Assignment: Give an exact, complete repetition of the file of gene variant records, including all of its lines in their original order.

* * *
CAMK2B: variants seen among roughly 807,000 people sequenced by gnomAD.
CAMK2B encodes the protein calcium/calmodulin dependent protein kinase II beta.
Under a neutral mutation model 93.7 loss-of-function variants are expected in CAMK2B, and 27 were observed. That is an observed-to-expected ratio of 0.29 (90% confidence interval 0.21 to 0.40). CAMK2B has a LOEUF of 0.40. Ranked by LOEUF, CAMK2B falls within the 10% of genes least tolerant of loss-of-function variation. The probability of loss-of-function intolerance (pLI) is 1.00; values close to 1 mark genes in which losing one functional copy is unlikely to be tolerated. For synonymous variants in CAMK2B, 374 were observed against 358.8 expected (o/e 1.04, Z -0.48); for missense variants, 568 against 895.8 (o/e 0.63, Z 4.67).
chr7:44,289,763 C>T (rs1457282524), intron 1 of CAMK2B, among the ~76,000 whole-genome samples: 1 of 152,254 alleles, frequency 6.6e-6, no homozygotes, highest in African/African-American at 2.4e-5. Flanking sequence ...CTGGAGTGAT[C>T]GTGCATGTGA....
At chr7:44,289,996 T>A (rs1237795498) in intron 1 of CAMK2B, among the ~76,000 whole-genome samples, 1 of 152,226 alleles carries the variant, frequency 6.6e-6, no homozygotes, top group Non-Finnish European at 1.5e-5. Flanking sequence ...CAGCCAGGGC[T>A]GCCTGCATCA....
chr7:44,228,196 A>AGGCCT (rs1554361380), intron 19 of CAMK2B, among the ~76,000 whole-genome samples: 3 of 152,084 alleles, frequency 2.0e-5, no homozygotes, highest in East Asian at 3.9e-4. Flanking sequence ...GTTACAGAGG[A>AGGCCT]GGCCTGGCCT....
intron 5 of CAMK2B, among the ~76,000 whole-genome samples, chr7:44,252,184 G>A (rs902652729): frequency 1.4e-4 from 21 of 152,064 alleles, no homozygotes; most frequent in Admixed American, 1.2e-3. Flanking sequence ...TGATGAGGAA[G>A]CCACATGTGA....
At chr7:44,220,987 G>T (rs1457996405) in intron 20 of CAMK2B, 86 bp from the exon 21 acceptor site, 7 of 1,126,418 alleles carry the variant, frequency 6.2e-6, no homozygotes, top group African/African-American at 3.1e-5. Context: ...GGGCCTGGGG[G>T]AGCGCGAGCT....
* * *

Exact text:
CAMK2B: variants seen among roughly 807,000 people sequenced by gnomAD.
CAMK2B encodes the protein calcium/calmodulin dependent protein kinase II beta.
Under a neutral mutation model 93.7 loss-of-function variants are expected in CAMK2B, and 27 were observed. That is an observed-to-expected ratio of 0.29 (90% confidence interval 0.21 to 0.40). CAMK2B has a LOEUF of 0.40. Ranked by LOEUF, CAMK2B falls within the 10% of genes least tolerant of loss-of-function variation. The probability of loss-of-function intolerance (pLI) is 1.00; values close to 1 mark genes in which losing one functional copy is unlikely to be tolerated. For synonymous variants in CAMK2B, 374 were observed against 358.8 expected (o/e 1.04, Z -0.48); for missense variants, 568 against 895.8 (o/e 0.63, Z 4.67).
chr7:44,289,763 C>T (rs1457282524), intron 1 of CAMK2B, among the ~76,000 whole-genome samples: 1 of 152,254 alleles, frequency 6.6e-6, no homozygotes, highest in African/African-American at 2.4e-5. Flanking sequence ...CTGGAGTGAT[C>T]GTGCATGTGA....
At chr7:44,289,996 T>A (rs1237795498) in intron 1 of CAMK2B, among the ~76,000 whole-genome samples, 1 of 152,226 alleles carries the variant, frequency 6.6e-6, no homozygotes, top group Non-Finnish European at 1.5e-5. Flanking sequence ...CAGCCAGGGC[T>A]GCCTGCATCA....
chr7:44,228,196 A>AGGCCT (rs1554361380), intron 19 of CAMK2B, among the ~76,000 whole-genome samples: 3 of 152,084 alleles, frequency 2.0e-5, no homozygotes, highest in East Asian at 3.9e-4. Flanking sequence ...GTTACAGAGG[A>AGGCCT]GGCCTGGCCT....
intron 5 of CAMK2B, among the ~76,000 whole-genome samples, chr7:44,252,184 G>A (rs902652729): frequency 1.4e-4 from 21 of 152,064 alleles, no homozygotes; most frequent in Admixed American, 1.2e-3. Flanking sequence ...TGATGAGGAA[G>A]CCACATGTGA....
At chr7:44,220,987 G>T (rs1457996405) in intron 20 of CAMK2B, 86 bp from the exon 21 acceptor site, 7 of 1,126,418 alleles carry the variant, frequency 6.2e-6, no homozygotes, top group African/African-American at 3.1e-5. Context: ...GGGCCTGGGG[G>T]AGCGCGAGCT....